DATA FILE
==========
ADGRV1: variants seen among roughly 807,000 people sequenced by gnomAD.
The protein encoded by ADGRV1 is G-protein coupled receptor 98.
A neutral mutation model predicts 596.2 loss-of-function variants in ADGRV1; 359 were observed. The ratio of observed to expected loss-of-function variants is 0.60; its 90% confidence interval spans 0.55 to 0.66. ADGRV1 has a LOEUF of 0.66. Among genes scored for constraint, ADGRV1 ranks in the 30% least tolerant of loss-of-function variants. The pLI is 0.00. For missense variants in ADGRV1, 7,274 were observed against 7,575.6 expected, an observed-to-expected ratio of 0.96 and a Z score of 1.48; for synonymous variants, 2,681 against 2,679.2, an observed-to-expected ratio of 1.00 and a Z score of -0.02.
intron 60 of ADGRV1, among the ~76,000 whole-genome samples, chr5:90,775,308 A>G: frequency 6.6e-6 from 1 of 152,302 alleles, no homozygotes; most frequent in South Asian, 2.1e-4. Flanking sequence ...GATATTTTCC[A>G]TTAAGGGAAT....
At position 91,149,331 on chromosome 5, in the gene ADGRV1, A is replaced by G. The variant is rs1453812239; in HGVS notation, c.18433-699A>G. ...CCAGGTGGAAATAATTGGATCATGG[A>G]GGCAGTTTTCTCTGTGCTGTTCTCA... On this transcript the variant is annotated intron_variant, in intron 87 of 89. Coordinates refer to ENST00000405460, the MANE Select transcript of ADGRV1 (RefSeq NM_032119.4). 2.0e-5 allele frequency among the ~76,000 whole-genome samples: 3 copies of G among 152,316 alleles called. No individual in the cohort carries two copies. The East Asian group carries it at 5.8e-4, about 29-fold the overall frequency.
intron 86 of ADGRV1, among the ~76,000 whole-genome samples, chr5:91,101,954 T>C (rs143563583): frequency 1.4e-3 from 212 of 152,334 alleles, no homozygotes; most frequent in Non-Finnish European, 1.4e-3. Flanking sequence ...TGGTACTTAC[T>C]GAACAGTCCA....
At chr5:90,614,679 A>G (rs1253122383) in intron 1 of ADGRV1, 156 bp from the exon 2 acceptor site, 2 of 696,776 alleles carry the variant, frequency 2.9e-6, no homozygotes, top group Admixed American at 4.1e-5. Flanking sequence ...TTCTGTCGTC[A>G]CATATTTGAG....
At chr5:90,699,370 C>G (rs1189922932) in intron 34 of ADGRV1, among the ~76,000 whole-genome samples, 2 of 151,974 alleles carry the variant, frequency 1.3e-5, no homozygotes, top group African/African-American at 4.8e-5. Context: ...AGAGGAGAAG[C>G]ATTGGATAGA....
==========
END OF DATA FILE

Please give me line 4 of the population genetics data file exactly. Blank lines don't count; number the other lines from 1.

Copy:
intron 60 of ADGRV1, among the ~76,000 whole-genome samples, chr5:90,775,308 A>G: frequency 6.6e-6 from 1 of 152,302 alleles, no homozygotes; most frequent in South Asian, 2.1e-4. Flanking sequence ...GATATTTTCC[A>G]TTAAGGGAAT....